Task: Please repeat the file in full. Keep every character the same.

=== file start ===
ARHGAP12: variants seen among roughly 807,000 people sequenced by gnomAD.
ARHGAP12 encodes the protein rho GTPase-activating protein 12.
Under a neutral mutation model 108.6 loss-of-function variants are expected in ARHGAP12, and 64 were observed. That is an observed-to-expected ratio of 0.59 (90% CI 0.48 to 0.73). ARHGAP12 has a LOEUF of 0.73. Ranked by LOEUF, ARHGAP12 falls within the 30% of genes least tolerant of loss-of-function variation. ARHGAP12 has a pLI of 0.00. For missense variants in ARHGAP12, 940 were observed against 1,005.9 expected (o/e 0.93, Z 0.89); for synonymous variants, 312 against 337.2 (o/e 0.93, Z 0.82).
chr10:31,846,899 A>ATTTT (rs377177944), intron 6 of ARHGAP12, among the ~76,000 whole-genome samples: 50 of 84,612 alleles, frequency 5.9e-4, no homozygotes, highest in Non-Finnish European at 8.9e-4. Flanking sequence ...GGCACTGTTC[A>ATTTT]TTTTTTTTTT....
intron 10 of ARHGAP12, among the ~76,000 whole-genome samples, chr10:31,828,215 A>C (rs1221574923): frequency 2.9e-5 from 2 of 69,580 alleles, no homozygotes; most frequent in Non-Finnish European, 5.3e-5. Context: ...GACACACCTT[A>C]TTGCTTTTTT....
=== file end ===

ARHGAP12: variants seen among roughly 807,000 people sequenced by gnomAD.
ARHGAP12 encodes the protein rho GTPase-activating protein 12.
Under a neutral mutation model 108.6 loss-of-function variants are expected in ARHGAP12, and 64 were observed. That is an observed-to-expected ratio of 0.59 (90% CI 0.48 to 0.73). ARHGAP12 has a LOEUF of 0.73. Ranked by LOEUF, ARHGAP12 falls within the 30% of genes least tolerant of loss-of-function variation. ARHGAP12 has a pLI of 0.00. For missense variants in ARHGAP12, 940 were observed against 1,005.9 expected (o/e 0.93, Z 0.89); for synonymous variants, 312 against 337.2 (o/e 0.93, Z 0.82).
chr10:31,846,899 A>ATTTT (rs377177944), intron 6 of ARHGAP12, among the ~76,000 whole-genome samples: 50 of 84,612 alleles, frequency 5.9e-4, no homozygotes, highest in Non-Finnish European at 8.9e-4. Flanking sequence ...GGCACTGTTC[A>ATTTT]TTTTTTTTTT....
intron 10 of ARHGAP12, among the ~76,000 whole-genome samples, chr10:31,828,215 A>C (rs1221574923): frequency 2.9e-5 from 2 of 69,580 alleles, no homozygotes; most frequent in Non-Finnish European, 5.3e-5. Context: ...GACACACCTT[A>C]TTGCTTTTTT....